Tuesday, July 16, 2024

Rotterdam Six Day 2022 – the First Three Nights

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HomeDiariesRotterdam Six Day 2022 - the First Three Nights

Those Venga Boys, they ‘Like to Party,’ the ‘speaker’ is getting excited; ‘ho, ho, ho !’ the bone-hard Contis rumble on the boards, the 1/8” pitch chains rattle – it’s good to be back, there’s nothing like a Six Day. A couple of weeks ago I was spectating at the Gent Six Day, right now I’m on the other side of the boards working in the track centre at the Rotterdam Six Day.

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Night One

Wednesday morning, the first night in Rotterdam passed without incident; the cabins are tidied, the drinks bottles are washed, the tricots folded and placed with the clean shorts, socks and track mitts for our three riders – and my feet hurt from these concrete floors.

Our three charges are: 

Rotterdam Six Day
Photo©Ed Hood

Wojciech Pszczolarski [Poland] 31 years-old and a former European u23 and Elite Champion in the Points Race and Elite European Champion in the Madison as well as former Polish Champion in both disciplines.

Photo©Ed Hood
Photo©Ed Hood

Bartosz Rudyk [Poland] 24 years-old who rides with Wojciech and is a former European Champion in the u23 Scratch Race and a multiple medallist in Polish Championships – in the Omnium, Team Sprint, Madison and Individual Pursuit.

Not a bad road rider either.

Photo©Ed Hood
Photo©Ed Hood

Denis Rugovac [Czech] 29 years-old and a multiple Czech track championship medallist – he rides with aggressive Italian Matteo Donega who has his own helper. 

All three are experienced Six Day riders who we’ve worked with before – ‘laid back’ and easy to work with, no ‘Prima Donnas’ in our cabin.

Night One Rotterdam?

In a nutshell?

Photo©Ed Hood
Photo©Ed Hood

The Yoeri Havik Show,’ – with partner and fellow ‘home boy,’ Niki Terpstra he won both Madisons then on his own, the Elimination and the ‘Supersprint’ – a ‘Points Elimination.’

But like he told us; ‘I’m World Champion and expected to put on a show for my home public.’

Before we get into this race, let’s talk a little history about the Rotterdam Six Day;

  • First held: In 1936 but there have been various hiatus – not least World War Two – making this edition 39.
  • ‘Recordman’ is home boy Rene Pijnen – who rode 233 six days during his career, second only to Danny Clark (235) as far as number of starts go; Pijnen won 72 of those races so is third best on wins behind Patrick Sercu (88) and Danny Clark (74). Ten of Pijnen’s wins came here in Rotterdam, which unsurprisingly makes him ‘recordman’ – he won four times with countryman the late Leo Duyndam, three times with Aussie, Clark, twice with Belgian Legend, the late, great Patrick Sercu and once with big Suisse, Urs Freuler.
  • The last edition of the race – pre-Covid – was held in 2020 with local hero Yoeri Havik partnering now retired compatriot Wim Stroetinga to victory.
  • Apart from Danny Clark the only other ‘Anglo’ winner is Tony Doyle who partnered Clark in 1988
  • The track is a temporary structure, on steel frames with plywood riding surface, 200 metres, 13.5 degrees in the straights and 49.5 on the bankings.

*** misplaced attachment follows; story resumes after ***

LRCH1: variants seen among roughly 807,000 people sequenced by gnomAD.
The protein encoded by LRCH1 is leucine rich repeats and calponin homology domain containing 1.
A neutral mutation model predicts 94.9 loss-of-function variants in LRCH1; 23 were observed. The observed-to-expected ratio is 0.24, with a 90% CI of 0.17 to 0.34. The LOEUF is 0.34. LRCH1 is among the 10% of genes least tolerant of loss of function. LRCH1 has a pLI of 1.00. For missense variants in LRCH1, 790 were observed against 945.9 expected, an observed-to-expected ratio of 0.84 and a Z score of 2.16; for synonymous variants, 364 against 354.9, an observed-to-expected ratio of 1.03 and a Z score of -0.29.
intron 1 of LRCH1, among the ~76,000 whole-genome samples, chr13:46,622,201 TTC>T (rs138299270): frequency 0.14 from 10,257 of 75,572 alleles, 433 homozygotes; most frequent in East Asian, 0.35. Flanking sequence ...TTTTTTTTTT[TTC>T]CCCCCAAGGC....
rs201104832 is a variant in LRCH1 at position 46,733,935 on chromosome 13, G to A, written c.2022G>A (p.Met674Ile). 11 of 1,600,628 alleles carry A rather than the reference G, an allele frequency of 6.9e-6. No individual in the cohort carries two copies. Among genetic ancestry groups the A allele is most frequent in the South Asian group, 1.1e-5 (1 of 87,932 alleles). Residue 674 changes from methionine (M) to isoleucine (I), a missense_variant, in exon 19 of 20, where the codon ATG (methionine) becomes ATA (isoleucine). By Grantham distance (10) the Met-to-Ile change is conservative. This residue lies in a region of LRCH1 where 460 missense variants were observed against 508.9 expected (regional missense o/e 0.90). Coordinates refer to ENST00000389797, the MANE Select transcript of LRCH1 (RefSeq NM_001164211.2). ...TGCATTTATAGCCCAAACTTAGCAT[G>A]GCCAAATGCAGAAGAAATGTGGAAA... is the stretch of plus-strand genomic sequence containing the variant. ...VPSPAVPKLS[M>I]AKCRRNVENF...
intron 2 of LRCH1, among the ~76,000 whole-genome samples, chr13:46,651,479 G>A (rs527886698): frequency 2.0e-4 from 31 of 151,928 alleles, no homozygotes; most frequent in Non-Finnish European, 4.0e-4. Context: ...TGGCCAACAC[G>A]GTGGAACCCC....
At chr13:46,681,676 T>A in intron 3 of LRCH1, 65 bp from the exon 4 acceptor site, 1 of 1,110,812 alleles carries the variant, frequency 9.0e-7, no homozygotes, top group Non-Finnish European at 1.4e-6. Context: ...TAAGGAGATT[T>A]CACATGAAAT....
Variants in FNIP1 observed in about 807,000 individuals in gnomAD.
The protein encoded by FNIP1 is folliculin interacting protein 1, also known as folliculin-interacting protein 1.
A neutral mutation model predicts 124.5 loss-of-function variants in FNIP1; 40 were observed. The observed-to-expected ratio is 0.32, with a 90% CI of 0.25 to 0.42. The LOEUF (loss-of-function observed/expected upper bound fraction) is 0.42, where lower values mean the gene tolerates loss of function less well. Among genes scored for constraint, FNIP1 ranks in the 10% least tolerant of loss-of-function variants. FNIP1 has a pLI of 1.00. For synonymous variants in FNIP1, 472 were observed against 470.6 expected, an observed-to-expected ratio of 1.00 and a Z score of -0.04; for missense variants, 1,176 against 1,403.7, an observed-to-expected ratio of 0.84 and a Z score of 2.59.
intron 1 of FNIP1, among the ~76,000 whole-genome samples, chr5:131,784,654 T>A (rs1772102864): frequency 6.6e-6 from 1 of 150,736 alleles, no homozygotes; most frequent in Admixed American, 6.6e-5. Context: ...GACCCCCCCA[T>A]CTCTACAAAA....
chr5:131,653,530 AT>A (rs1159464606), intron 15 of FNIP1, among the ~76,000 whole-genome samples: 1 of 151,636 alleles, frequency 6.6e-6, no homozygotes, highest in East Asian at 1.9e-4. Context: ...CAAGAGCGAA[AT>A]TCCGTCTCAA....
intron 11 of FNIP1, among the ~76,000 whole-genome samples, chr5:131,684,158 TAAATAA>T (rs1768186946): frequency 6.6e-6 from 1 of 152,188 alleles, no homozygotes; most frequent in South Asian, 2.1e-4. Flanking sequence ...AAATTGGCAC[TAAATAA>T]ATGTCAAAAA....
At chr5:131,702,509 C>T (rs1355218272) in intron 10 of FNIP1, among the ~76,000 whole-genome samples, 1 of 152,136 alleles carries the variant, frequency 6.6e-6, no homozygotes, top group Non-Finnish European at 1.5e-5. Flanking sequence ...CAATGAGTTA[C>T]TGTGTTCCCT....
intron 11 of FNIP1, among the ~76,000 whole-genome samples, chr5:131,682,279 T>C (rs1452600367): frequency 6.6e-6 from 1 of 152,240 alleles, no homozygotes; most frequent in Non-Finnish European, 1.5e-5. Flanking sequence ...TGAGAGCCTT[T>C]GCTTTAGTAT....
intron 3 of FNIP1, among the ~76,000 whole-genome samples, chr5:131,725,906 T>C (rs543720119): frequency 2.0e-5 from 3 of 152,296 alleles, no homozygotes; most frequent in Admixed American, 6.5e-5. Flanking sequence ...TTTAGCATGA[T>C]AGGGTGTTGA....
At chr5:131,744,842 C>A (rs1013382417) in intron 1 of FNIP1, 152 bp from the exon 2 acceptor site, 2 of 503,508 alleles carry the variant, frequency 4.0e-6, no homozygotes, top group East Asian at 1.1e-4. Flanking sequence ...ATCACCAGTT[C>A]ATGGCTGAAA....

• Track record is 9.852 seconds set by current sprint Dutch World sprint king, Harrie Lavreysen in 2020 at the last edition of the race.

And that’s enough words for today except – coolest man on the boards?

Photo©Ed Hood
Photo©Ed Hood

Italia and INEOS fast man Elia Viviani is paired with 23 years-old Dutchman, Vincent Hoppezak, the team is sponsored by Jordex a Dutch shipping company, their company colours are orange and black – check out Elia’s helmet, glasses, mitts, socks and shoes.

Class. 

* * *

Night Two

Tonight was a rolling presentation, most of the riders prefer that to individual intros in the track centre – no boring interviews and it loosens tight legs.

Photo©Ed Hood
Photo©Ed Hood

‘Back in the day,’ when I first worked at the Six Days most of the riders would go up on the boards in the afternoon to stretch their legs – not these days.

Photo©Ed Hood
Photo©Ed Hood

They like their sprinting here in Rotterdam, not least because the Dutch are the dominant force in world sprinting, that’s World Sprint and Keirin Champion, Harrie Lavreysen on the right, next to him is World Kilometre Champion, Jeffrey Hoogland.

The only Worlds Sprint discipline they missed out on was the Team Sprint where the Aussies surprised everyone.

Our man, Thomas Babek is ‘pretty in pink’ in the picture, a former European Kilometre Champion and a multiple Czech Champion in all the sprint disciplines.

Photo©Ed Hood
Photo©Ed Hood

And you only think you’ve seen a long handlebar extension until you see the 18cm job on Thomas’s Argon.

He was a ‘LOOK man’ but says the Argon is much stiffer than the French marque; our Six Day man Wojciech has ‘gone Argon’ too, he was a Cervélo man – but as an endurance rider reckons there’s little to chose between the frames. 

Photo©Ed Hood

The first Madison went to the Swiss/Spanish duo of Claudio Imhof and Seb Mora; the Suisse won the recent UCI Track Champions League whilst Mora is an accomplished Six Day man, having won here with Alberto Torres in 2016.

Photo©Ed Hood

As well as Imhof/Mora in the running for a podium there’s the young Belgian duo of Gent Six Day winner, Lindsay De Vylder and Jules Hester.

Both ride for Sport Vlaanderen which becomes Team Flanders-Baloise for 2023 and are multiple national medallist and champions on the track.